Midwives: A Critical Key to Ensuring Women and Girls’ Health Globally
OBGYNs and midwives are part of an essential ecosystem of health workers that provide crucial health care in delivering women and girls’ sexual and reproductive health and rights (SRHR) globally. In lower-middle-income countries where health care facilities outside of capitals can be few and dispersed, midwives in particular are counted on to ensure that women, girls, and newborns receive appropriate care, support and counselling. Professor Boni Serge, President of the Society of Gynaecology and Obstetrics of Côte d’Ivoire (SOGOCI), shared with us the important leadership role midwives have in Côte d’Ivoire.
Midwives are critical in the fight to reduce preventable maternal deaths and disability
Data from 2016 showed that, with a population of over 20 million, there are not enough health care workers in this coastal West African country (WHO, 2016). More recent data show that while there are more than 6,000 midwives spread across the Ivorian territory, there are only just over 440 OBGYNs. In addition, there is an unequal geographical distribution of these OBGYNs, with the majority of them located in the Ivorian economic capital of Abidjan.
Midwives represent a critical linchpin in SRHR delivery because they are both based in and are from the communities they serve; they are a trusted point of contact for women and girls for maternal health care, and are often the only health care providers available that can offer first aid to patients. The World Health Organization (WHO) states that of all essential sexual and reproductive maternal and newborn health services, 87% can be provided by a midwife. In Cote d’Ivoire, many women and girls only have access to sexual and reproductive health care services through midwives. Due to this, it is essential that midwives be placed at the centre of SRHR discussions and decision making.
Between 2000 and 2017, the maternal mortality ratio (number of maternal deaths per 100,000 live births) decreased by 38% worldwide. Despite this, maternal mortality rates remain highest in Sub-Saharan Africa with 546 deaths per 100,000 live births. The UNFPA states that the vast majority of maternal deaths can be prevented with proper antenatal, delivery and postnatal care services provided by midwives.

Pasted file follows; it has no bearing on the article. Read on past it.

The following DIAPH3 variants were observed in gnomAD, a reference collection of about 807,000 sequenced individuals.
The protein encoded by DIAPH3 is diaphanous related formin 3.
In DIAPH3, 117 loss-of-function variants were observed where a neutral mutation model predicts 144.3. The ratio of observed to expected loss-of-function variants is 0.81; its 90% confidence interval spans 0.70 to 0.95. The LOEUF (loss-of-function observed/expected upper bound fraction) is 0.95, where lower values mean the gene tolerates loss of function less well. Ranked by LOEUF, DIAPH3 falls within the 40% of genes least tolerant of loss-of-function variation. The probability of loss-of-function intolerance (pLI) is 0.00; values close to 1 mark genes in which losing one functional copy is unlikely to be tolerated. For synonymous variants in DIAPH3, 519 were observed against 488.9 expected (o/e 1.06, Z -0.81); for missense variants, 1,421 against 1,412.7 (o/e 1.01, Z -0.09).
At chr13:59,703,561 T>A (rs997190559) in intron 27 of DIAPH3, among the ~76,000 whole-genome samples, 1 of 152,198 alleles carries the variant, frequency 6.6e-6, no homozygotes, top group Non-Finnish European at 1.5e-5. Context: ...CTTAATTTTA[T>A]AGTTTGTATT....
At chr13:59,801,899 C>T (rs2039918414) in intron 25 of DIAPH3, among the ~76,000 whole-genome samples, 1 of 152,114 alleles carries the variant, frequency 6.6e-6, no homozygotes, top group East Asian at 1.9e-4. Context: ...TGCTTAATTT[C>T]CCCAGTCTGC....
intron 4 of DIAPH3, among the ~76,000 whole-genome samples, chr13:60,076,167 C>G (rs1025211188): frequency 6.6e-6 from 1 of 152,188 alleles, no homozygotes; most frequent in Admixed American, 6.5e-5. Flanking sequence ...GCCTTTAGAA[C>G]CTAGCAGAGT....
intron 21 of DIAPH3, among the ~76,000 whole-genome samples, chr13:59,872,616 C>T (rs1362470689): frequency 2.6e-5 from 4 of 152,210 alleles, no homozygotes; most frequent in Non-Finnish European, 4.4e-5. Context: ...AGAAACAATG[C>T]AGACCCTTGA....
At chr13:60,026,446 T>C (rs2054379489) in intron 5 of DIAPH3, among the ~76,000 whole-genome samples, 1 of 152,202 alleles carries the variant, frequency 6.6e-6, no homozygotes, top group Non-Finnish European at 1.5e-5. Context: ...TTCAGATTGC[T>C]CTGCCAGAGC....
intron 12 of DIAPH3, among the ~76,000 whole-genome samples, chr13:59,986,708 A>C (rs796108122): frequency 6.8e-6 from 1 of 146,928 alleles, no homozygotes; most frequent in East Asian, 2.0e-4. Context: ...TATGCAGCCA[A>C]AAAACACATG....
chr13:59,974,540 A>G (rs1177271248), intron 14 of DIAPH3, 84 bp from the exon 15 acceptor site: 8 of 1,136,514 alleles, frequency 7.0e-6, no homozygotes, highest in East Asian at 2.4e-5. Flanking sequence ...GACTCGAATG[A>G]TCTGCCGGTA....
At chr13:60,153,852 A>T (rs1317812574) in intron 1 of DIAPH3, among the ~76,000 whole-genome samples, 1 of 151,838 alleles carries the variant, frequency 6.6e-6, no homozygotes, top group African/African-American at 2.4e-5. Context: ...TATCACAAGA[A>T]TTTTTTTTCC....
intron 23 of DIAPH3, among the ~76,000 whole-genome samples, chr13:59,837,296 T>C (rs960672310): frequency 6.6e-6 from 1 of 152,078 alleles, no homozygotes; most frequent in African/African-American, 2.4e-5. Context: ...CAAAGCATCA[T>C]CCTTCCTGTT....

Professor Boni Serge affirmed that, “the core mission of the SOGOCI, along with the Ministry of Health and Public Hygiene, is to ensure that no woman or girl in Cote d’Ivoire dies from a preventable cause.”
Providing comprehensive abortion care
Unsafe abortion is one of the leading contributors to maternal mortality and disability worldwide, accounting for approximately one in six pregnancy-related deaths in West Africa. According to the Population Reference Bureau, more than six out of ten abortions carried out in Cote d’Ivoire in 2018 were unsafe. Around half of abortions in Cote d’Ivoire take place at home, with the other half carried out in health care facilities. Home abortions are usually carried out by traditional service providers or by the woman or girl herself. In health facilities, around 32.5% of abortions are performed by doctors and about 14.6% by nurses and midwives. The number of women who have experienced complications from at-home abortions is disproportionately higher than those who have had an abortion conducted in a health are facility.